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Towards the beginning of Chekhov's The Seagull, the young idealist Konstantin stages a play he has written for a critical group of houseguests. The monologue consists largely of pretentious, melodramatic schlock; the audience reserves its praise for Nina, Konstantin's bright-eyed and innocent sweetheart, who does all the performing. The playwright-within-a-play's honest and interesting intentions of reinventing drama get lost amid his overwriting. Only the contemplative old local doctor, Dorn, discerns any promise in the play's pseudo-intellectual rhetoric: "There was something in it... It was so fresh, unaffected."
Perhaps the Cornerstone Theater Company's production of "California Seagull," a recent adaptation of Chekhov's classic relocated to the Golden State, deliberately reproduces all the traits of Konstantin's play. Maybe it's a multidimensional meta-commentary on the original which adds new facets to the nexus between fact and fiction. Or maybe it's just an enthusiastic and imaginative enterprise that gets a little carried away with its "alternadrama" image. Whichever way you look at it, "California Seagull" suffers from an overdose of avant-garde. But there's something in it. And Nina is excellent.
The Cornerstone production relies on a kind of unabashed suspension of belief. The show revels self-consciously in the process of theater, paring down all the accessories to focus on the very act of playing a part. The costumes are unobstrusive--which gets complicated since all the cast members play two different parts. (At times, a pair of glasses or a raincoat serves as the only distinction between two completely different characters.) Lingering meathooks from the set of the Hasty Pudding Theater's other ongoing production, "Slaughter City," glower alarmingly over the stage, while "California Seagull's" only set consists of a low wooden platform which serves alternately as a stage, a dock, a bed and a desk. All this minimalism suggests an appeal to raw drama, a going back to basics--even a reinvention of drama a la Konstantin.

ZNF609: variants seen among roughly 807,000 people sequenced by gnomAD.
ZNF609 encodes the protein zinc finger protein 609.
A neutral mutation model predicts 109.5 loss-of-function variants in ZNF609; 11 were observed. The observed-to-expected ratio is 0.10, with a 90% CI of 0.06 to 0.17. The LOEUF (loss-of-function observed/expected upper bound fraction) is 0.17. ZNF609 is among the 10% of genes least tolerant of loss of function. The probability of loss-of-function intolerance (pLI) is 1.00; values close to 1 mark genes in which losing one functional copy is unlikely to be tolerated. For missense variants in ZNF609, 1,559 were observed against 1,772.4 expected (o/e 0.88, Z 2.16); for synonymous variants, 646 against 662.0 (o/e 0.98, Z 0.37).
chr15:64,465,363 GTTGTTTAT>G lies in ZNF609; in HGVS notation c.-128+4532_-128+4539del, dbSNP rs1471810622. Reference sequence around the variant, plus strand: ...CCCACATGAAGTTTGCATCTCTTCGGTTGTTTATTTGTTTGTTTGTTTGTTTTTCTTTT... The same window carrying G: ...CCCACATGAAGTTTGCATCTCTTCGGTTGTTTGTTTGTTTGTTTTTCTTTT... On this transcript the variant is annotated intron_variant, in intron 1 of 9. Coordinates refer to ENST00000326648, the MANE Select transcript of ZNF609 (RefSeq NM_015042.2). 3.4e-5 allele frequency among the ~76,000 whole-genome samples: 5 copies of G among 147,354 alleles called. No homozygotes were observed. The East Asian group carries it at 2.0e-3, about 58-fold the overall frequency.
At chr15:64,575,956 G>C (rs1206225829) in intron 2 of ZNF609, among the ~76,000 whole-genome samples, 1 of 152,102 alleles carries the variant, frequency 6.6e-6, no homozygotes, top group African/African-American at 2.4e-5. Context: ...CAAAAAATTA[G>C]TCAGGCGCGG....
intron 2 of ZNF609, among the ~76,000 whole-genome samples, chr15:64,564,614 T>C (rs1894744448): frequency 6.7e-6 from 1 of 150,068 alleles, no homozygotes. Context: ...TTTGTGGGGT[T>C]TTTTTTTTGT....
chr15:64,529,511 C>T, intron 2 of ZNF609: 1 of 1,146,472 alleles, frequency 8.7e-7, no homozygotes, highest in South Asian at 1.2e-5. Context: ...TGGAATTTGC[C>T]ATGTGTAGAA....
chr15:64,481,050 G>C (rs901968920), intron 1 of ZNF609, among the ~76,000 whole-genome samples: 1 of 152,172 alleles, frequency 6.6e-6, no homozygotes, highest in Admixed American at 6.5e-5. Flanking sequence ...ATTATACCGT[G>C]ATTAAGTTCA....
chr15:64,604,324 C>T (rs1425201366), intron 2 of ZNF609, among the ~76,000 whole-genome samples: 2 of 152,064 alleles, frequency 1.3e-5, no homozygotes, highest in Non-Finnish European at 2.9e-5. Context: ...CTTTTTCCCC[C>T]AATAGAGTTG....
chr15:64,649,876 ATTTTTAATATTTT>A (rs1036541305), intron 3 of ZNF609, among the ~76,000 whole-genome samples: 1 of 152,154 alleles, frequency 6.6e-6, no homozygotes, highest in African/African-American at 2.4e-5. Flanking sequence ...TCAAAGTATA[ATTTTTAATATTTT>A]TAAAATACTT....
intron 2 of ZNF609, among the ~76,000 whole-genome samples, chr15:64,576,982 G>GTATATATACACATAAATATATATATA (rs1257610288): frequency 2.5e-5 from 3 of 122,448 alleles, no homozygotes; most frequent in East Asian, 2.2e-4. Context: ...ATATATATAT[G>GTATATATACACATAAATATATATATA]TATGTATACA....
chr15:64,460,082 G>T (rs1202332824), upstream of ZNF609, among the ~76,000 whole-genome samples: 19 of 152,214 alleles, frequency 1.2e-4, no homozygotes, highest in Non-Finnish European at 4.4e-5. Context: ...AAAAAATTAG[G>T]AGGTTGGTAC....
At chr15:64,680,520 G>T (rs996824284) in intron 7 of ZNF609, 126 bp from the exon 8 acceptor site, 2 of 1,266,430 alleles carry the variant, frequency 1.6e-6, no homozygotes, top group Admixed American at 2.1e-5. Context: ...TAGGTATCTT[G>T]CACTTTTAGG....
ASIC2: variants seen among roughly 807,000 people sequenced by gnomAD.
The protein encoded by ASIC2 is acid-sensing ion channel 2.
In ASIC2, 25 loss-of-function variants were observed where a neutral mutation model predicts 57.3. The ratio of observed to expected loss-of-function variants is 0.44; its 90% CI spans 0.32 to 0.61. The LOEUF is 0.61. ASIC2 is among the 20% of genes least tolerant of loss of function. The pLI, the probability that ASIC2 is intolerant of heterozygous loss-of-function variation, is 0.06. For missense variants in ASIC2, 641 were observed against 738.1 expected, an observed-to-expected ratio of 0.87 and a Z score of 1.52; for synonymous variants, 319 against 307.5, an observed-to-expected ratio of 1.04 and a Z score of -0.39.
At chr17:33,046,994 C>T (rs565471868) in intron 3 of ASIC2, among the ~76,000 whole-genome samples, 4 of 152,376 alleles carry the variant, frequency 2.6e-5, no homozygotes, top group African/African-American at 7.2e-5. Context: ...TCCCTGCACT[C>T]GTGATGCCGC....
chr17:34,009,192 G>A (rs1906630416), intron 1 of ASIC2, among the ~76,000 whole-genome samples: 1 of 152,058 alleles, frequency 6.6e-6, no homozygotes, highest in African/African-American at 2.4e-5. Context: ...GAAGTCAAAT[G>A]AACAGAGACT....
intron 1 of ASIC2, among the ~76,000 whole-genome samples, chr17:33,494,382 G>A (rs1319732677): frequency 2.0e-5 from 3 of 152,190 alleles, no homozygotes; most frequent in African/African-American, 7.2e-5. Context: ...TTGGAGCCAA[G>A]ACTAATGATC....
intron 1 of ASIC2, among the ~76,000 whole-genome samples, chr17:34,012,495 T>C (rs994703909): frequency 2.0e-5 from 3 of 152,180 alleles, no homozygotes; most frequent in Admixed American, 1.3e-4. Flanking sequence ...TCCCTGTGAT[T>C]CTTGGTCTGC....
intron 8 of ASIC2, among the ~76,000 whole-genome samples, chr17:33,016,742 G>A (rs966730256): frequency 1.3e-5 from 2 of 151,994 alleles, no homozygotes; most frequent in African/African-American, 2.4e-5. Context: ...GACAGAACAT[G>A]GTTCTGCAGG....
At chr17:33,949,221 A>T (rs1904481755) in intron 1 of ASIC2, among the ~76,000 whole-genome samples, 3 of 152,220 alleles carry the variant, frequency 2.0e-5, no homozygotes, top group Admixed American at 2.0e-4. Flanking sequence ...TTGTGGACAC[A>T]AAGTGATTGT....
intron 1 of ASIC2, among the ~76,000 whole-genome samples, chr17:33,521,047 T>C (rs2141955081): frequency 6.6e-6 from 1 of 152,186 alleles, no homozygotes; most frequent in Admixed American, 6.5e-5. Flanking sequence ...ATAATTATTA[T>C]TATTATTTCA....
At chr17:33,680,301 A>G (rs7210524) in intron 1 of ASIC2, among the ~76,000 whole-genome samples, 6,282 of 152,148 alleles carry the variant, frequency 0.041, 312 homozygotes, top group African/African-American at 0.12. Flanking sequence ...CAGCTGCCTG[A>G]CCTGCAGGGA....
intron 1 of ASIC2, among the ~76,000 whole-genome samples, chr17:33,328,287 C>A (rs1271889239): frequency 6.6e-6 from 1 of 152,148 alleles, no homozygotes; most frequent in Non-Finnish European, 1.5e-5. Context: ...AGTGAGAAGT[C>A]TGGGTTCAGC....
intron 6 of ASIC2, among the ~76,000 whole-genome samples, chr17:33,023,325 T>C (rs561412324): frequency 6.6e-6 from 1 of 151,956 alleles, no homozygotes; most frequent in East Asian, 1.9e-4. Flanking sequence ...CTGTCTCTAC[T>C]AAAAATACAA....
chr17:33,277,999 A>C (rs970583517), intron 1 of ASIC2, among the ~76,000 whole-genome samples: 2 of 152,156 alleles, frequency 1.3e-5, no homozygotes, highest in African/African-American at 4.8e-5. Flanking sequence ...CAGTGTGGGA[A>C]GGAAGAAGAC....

As with Konstantin's play, there's nothing wrong with the idea. In fact, it's fresh and unaffected, to coin a phrase. Alison Carey's analogy of a vineyard in Napa for a rural estate outside Moscow, and of Hollywood glitterati for Tsarist Russia's belle lettristes gives the play a contemporary edge without sacrificing any of its subtlety. The primitive set places the dialogue and acting center stage. But like Chekhov's antihero, the Cornerstone takes it all too far. At one point, the director, Bill Rauch, injects a gratuitous mime sequence, in which Konstantin (or Cam, as he is now called) jumps into an imaginary lake and wades laboriously away to the tune of pre-recorded gurgles. Similarly, although the adaptation's reduction of the cast from 10 to five works fine for the first three acts, in the final climactic scene four of the characters keep having to freeze on the spot, while the fifth changes personae by fiddling frantically with his costume.
Nor do the constant changes of character do justice to the often excellent acting. Only Page Leong (Nina and Masha) really seems comfortable with the constant transitions, managing to define and distinguish her two roles without overacting. Shishir Kurup solves this conundrum by hamming up Sorin so that he can play Taper/Trigorin with deadpan nonchalance. Christopher Liam Moore, on the other hand, makes little distinction at all between Cam/Konstantin and Simon/Medviedenko. As with other aspects of the play, enormous promise, here in the form of fine acting, is ultimately undermined by taking dramatic conceits like these schizoid duos too far.
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